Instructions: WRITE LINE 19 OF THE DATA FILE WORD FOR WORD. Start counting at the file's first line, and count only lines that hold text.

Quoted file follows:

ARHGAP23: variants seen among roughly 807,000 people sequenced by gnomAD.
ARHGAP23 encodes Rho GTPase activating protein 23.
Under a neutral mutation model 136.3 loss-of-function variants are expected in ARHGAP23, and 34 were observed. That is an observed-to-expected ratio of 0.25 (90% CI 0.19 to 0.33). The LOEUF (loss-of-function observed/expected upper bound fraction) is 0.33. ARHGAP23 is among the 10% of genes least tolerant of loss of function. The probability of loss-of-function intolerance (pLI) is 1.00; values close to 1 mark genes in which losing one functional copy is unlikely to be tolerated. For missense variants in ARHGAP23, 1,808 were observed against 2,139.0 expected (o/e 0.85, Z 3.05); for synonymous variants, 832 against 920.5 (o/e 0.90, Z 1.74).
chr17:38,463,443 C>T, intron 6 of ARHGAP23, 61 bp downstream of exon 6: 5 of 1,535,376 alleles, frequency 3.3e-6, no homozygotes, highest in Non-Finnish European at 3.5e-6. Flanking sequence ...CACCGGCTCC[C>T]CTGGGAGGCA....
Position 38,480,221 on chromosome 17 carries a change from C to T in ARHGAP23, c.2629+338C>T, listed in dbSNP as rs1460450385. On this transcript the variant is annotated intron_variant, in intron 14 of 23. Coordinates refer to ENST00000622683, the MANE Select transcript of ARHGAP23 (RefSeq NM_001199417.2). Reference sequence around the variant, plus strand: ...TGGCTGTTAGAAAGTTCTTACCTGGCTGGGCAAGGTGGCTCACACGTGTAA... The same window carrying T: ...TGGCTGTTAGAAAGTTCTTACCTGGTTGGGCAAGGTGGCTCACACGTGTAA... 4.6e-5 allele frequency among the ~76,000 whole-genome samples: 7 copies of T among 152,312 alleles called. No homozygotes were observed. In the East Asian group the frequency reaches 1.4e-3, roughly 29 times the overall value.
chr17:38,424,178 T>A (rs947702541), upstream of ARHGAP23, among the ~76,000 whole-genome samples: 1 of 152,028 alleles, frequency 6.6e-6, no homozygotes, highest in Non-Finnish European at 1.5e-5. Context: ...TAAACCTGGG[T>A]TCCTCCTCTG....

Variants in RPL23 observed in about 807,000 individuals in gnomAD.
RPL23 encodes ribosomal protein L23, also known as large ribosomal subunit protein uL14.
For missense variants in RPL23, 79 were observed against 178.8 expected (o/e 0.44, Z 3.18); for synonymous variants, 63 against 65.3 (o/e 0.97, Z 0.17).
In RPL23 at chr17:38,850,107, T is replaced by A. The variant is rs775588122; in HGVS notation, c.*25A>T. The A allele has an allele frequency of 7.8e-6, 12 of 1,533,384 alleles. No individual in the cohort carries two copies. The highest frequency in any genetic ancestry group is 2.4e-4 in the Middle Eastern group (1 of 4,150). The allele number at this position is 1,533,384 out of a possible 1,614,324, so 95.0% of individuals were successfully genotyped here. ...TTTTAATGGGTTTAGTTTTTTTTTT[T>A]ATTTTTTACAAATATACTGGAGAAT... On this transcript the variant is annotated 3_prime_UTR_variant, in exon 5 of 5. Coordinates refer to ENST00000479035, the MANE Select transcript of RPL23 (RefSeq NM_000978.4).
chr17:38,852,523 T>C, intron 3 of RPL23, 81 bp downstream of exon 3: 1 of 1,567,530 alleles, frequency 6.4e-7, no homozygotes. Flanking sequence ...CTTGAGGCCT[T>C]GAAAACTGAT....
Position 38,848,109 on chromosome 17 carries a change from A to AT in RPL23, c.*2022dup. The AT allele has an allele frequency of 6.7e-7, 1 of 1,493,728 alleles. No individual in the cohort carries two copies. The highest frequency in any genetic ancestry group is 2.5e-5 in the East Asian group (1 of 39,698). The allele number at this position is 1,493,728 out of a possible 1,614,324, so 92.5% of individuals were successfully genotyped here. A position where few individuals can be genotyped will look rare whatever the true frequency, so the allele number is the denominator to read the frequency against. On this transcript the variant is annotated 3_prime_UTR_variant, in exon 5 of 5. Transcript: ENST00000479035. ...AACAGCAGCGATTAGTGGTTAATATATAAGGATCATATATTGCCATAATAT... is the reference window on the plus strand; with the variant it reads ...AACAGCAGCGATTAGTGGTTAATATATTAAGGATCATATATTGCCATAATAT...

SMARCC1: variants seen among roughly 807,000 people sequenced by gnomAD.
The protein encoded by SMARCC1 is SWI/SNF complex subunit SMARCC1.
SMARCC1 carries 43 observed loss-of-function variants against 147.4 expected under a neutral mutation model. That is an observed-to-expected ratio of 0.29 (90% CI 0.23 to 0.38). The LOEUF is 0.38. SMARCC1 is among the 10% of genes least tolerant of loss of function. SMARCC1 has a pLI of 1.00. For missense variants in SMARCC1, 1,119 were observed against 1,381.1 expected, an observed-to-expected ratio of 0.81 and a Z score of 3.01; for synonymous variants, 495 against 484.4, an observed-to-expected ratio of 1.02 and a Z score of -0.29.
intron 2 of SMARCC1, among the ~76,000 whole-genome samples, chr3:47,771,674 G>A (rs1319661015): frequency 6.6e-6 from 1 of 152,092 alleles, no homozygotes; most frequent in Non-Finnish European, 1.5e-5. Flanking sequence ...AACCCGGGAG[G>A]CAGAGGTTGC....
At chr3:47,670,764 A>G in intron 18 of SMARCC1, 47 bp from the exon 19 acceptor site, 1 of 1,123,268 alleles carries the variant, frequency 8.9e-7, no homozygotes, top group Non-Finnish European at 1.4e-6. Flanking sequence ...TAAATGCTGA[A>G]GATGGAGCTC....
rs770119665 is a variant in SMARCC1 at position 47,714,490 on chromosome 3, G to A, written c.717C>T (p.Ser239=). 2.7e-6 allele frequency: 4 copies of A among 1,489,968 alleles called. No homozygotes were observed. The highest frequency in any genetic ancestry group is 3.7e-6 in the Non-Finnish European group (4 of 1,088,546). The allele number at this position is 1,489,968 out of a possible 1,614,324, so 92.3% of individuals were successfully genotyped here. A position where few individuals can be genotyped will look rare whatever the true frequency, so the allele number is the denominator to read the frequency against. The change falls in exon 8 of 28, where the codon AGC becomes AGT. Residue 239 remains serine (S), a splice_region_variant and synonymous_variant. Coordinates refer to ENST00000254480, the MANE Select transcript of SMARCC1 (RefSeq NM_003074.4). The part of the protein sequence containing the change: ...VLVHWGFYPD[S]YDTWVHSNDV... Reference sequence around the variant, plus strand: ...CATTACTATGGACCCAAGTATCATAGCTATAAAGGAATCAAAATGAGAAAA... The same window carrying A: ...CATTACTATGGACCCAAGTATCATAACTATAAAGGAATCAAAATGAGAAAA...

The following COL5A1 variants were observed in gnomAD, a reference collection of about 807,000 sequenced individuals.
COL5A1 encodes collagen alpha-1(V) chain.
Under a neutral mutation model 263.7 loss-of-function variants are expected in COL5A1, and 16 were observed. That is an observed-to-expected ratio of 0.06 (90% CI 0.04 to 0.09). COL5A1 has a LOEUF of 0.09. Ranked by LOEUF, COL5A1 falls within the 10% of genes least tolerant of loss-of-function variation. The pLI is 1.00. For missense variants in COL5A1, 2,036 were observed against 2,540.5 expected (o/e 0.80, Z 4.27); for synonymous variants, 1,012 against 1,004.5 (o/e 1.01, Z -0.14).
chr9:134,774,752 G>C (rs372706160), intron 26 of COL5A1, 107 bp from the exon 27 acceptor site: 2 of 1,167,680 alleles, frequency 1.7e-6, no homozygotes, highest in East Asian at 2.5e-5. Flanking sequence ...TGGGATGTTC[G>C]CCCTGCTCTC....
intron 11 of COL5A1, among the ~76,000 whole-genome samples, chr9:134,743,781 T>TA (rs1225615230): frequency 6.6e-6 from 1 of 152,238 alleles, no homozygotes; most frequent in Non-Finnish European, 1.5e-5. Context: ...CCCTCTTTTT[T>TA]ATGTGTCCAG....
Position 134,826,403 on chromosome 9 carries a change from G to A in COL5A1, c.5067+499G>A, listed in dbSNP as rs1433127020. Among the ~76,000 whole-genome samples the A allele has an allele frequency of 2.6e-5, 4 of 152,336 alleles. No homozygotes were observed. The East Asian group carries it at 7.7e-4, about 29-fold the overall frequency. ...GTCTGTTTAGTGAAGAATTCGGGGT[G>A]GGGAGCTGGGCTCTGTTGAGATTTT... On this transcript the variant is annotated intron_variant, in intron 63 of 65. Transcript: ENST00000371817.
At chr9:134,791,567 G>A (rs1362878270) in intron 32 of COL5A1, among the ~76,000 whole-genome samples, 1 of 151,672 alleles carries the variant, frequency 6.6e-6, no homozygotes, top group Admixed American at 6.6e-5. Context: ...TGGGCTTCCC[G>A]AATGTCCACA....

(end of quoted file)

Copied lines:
The following COL5A1 variants were observed in gnomAD, a reference collection of about 807,000 sequenced individuals.